Last year, Apple introduced both the A7 and M7 processors for the iPad Air, as well as the iPad mini with Retina Display. The A7 chip was the first mobile chip to use 64-bit computing power and Apple is expected to increase that with its next chip, being referred to as the A8. The A8 is expected to have as much as an additional 20% to 30% computing power, furthering Apple's lead in this space.

The other sweeping change Apple is expected to make is upgrading both the front and back cameras. The current back camera on the iPad Air is 5 megapixels, while the front is 1.2 megapixels.

Apple is largely expected to keep pricing of the tablets the same. Currently, Apple's tablet line up starts at $299 for the first-version of the iPad mini. The WiFi + Cellular 128 GB version of the iPad Air costs $929, Apple's most expensive tablet.

Building the Ecosystem

Though much of Apple's recent upswing in its share price is related to the strong iPhone shipment numbers in its fiscal second-quarter, as well as recent shareholder-friendly dividend and buyback increase and stock split, success for the iPad is crucial for Apple. The company has worked hard to build out the halo surrounding its products, as it keeps consumers buying additional iDevices.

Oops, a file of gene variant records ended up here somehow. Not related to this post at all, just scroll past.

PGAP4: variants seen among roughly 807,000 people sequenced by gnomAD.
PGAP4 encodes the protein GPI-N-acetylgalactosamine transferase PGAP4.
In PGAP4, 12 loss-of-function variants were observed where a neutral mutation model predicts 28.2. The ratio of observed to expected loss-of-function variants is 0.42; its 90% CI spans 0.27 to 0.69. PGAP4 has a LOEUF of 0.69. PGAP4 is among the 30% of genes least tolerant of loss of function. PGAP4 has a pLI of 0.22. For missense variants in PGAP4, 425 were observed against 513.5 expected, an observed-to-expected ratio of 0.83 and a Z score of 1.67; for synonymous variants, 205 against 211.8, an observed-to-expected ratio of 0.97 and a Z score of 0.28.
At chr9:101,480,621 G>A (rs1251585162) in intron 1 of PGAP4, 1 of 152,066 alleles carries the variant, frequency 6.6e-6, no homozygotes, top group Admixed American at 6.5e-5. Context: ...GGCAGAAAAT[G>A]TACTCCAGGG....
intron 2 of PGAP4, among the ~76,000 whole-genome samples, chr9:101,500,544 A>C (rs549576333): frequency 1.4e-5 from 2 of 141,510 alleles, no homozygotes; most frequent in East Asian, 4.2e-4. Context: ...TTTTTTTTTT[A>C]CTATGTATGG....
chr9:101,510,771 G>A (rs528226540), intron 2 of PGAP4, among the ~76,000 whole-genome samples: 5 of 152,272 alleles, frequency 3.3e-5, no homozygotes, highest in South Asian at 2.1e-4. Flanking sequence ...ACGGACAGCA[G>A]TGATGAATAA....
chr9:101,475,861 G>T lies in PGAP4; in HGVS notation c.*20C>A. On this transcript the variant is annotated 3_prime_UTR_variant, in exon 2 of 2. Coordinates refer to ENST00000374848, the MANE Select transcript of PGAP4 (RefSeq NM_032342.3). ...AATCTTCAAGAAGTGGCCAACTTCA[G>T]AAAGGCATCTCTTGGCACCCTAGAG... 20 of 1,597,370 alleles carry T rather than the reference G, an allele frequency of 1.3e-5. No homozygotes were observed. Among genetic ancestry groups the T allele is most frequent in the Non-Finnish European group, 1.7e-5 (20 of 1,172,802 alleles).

Apple announced Continuity, a part of both Mac OS X Yosemite and iOS 8, that will allow users to start a document on one device (an iPhone for example) and finish on another, thereby increasing not only productivity, but Apple's halo effect as well.

In addition to Continuity, Apple may introduce the ability in iOS 8 to run two apps at the same time on the iPad Air, taking back an advantage Microsoft's Surface Pro 3 has over the iPad.

Developer Steven Troughton-Smith pointed out that the code for iOS 8, which is still in beta and does not reach consumers until the fall, points to split-screen multitasking.

It is unclear whether multitasking will be released in the initial version of iOS 8, or will become available in later iOS 8.1 release.

-- Written by Chris Ciaccia in San Francisco